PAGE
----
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What has to happen before you could buy marijuana without a prescription in Maine

Posted Oct. 10, 2016, at 6:09 a.m.

PORTLAND, Maine — If voters legalize marijuana in Maine by voting yes on Question 1, it would sound the starting gun for businesses looking to capture part of an industry expected to grow to $200 million in Maine sales by 2020.

The road from zero to $200 million would start with new debates over restrictions of the industry at the local level and the important process of rulemaking about the nitty gritty of how retail marijuana sales in Maine would work.

“There’s always a fairly long process of writing more detailed regulations,” said Taylor West, deputy director of the National Cannabis Industry Association, which lobbies for legalizing marijuana at the federal level. “That’s where you start hashing out things like the licensing process and how you set up the business and what kind of security you’re required to have. … All of those things have a significant impact on what businesses can do as they’re preparing to enter the market.”

For businesses, there would be a patchwork of public- and private-sector challenges, including permitting at the state and possibly local levels and securing financial backing not reliant on a traditional banking system that’s still figuring out how to deal with basically cash-only businesses that grow or sell the federally outlawed drug.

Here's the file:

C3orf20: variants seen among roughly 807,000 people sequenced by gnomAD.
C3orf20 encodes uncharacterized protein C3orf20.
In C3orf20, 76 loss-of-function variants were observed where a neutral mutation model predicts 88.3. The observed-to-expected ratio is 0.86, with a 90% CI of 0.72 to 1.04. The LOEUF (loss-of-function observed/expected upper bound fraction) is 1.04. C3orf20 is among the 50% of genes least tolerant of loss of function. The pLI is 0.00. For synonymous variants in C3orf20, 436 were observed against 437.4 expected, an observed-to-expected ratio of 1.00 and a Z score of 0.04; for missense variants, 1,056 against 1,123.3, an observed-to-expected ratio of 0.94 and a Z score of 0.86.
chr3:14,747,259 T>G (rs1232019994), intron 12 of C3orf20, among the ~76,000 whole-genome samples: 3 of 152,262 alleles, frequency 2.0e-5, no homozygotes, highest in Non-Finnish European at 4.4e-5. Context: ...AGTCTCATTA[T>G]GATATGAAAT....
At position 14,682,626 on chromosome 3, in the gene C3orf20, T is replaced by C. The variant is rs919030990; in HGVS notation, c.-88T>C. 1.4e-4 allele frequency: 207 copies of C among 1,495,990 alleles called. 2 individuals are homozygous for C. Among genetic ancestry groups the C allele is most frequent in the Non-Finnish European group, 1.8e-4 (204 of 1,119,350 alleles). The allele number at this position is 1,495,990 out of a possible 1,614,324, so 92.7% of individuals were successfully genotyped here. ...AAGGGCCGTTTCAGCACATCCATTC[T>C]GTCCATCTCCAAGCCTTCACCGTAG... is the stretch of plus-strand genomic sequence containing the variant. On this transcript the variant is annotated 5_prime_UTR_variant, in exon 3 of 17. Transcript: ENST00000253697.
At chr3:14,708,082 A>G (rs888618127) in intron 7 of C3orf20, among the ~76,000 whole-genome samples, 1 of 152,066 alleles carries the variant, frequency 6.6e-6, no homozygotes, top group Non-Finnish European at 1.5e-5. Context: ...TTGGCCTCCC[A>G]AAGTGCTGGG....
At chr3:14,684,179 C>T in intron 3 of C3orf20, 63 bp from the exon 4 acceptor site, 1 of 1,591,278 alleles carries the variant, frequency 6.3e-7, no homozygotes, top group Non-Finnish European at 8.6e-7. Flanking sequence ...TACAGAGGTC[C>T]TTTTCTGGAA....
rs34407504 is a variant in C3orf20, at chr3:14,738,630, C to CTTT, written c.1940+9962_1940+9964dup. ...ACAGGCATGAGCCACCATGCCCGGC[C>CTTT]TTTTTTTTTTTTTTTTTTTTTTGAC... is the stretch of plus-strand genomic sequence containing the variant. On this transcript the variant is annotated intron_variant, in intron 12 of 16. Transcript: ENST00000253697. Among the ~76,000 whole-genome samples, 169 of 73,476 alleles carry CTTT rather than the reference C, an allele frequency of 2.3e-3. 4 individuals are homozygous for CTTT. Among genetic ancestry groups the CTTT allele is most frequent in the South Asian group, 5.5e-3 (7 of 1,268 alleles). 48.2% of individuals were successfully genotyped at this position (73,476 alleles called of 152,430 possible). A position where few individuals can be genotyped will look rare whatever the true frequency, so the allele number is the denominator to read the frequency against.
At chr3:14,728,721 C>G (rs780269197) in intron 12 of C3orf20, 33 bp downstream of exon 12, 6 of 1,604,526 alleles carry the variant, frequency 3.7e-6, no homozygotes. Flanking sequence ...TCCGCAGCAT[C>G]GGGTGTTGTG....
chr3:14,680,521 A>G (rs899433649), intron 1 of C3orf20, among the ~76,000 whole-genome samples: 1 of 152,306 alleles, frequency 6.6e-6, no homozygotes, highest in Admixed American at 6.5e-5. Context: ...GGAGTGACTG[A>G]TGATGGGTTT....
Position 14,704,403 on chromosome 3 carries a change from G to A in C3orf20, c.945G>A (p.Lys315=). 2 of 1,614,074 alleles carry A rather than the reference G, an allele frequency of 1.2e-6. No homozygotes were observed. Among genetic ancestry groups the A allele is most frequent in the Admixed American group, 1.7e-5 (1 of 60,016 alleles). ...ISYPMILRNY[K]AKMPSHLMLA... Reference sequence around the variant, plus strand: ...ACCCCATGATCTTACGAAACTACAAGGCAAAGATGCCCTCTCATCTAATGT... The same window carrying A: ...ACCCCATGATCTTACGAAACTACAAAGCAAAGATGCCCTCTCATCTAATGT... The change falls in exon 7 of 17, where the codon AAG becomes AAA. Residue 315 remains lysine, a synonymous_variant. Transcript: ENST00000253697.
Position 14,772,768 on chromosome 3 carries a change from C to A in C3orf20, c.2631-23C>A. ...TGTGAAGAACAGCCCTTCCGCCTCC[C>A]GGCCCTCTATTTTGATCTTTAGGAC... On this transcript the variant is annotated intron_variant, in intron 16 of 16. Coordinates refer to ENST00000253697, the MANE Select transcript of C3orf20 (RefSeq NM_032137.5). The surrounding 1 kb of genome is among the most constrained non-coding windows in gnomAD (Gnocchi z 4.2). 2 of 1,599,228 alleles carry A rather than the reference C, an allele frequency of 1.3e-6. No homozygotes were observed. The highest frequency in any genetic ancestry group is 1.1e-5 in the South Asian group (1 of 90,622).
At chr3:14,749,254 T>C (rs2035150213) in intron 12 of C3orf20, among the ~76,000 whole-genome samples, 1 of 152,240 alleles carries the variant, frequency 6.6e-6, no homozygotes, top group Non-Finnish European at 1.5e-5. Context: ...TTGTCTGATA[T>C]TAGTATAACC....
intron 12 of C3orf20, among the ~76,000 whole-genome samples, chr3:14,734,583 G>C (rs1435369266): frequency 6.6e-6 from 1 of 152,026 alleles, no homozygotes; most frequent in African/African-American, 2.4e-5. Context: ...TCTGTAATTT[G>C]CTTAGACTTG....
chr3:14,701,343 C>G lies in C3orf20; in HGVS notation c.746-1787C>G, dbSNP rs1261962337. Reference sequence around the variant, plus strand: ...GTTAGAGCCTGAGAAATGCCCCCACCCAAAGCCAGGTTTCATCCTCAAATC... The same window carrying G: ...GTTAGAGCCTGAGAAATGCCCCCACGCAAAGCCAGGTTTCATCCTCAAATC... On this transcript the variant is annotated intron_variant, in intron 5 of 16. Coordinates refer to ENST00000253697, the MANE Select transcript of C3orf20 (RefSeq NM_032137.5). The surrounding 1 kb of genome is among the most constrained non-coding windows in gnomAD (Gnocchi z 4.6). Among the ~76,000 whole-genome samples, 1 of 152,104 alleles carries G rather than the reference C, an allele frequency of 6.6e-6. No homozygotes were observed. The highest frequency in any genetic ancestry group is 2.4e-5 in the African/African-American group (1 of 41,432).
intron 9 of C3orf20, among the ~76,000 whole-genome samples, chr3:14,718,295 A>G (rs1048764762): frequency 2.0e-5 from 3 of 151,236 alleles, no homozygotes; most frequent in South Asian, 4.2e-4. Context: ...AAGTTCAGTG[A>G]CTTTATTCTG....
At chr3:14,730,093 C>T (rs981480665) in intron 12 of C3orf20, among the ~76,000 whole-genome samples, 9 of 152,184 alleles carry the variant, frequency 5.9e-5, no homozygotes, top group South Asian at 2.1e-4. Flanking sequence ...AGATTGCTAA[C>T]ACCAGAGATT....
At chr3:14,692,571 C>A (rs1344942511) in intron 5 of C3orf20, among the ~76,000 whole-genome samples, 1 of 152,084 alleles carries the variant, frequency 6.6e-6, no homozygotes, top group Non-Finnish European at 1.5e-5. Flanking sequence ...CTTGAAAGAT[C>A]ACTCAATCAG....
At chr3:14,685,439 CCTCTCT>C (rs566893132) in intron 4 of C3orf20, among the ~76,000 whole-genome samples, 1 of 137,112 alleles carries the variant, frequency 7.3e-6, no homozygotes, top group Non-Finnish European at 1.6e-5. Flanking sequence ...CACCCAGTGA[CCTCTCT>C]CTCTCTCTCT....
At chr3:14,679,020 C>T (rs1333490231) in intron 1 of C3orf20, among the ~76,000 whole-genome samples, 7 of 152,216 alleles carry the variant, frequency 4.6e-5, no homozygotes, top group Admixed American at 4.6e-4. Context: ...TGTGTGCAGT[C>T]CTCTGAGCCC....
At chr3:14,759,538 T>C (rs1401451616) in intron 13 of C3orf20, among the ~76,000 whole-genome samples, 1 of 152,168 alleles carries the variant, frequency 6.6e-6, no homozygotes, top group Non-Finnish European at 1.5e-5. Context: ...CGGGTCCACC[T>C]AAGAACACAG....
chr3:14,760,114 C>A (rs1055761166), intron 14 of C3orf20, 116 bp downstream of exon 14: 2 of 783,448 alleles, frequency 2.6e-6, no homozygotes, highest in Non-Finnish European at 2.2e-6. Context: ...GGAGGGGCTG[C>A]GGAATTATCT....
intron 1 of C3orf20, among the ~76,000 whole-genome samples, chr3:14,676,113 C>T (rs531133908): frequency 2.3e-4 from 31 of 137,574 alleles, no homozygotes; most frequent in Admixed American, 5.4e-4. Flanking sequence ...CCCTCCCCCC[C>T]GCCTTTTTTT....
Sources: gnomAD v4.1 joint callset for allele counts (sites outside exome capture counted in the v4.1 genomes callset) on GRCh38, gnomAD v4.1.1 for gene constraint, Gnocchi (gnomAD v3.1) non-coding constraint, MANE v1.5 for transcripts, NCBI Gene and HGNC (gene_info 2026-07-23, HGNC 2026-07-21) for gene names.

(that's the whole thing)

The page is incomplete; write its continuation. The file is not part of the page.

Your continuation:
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All of that would follow the more immediate decriminalization, which comes with its own gray areas. Question 1 would allow possession of up to 2.5 ounces of marijuana and limited home growing for residents over 21, though tenants and employees could still face trouble from either landlords or employers with policies specifically prohibiting marijuana.

For existing medical marijuana businesses, there would be a question of whether to expand into retail, with a scramble for licenses that would begin months after the bill takes effect.

Maine was early to decriminalize small amounts of marijuana, in 1976, and voters approved a medical marijuana program in a 1999 referendum, a program expanded in 2009 to allow larger-scale dispensaries. In 2013, Portland cast a largely symbolic vote to legalize recreational marijuana use in the city.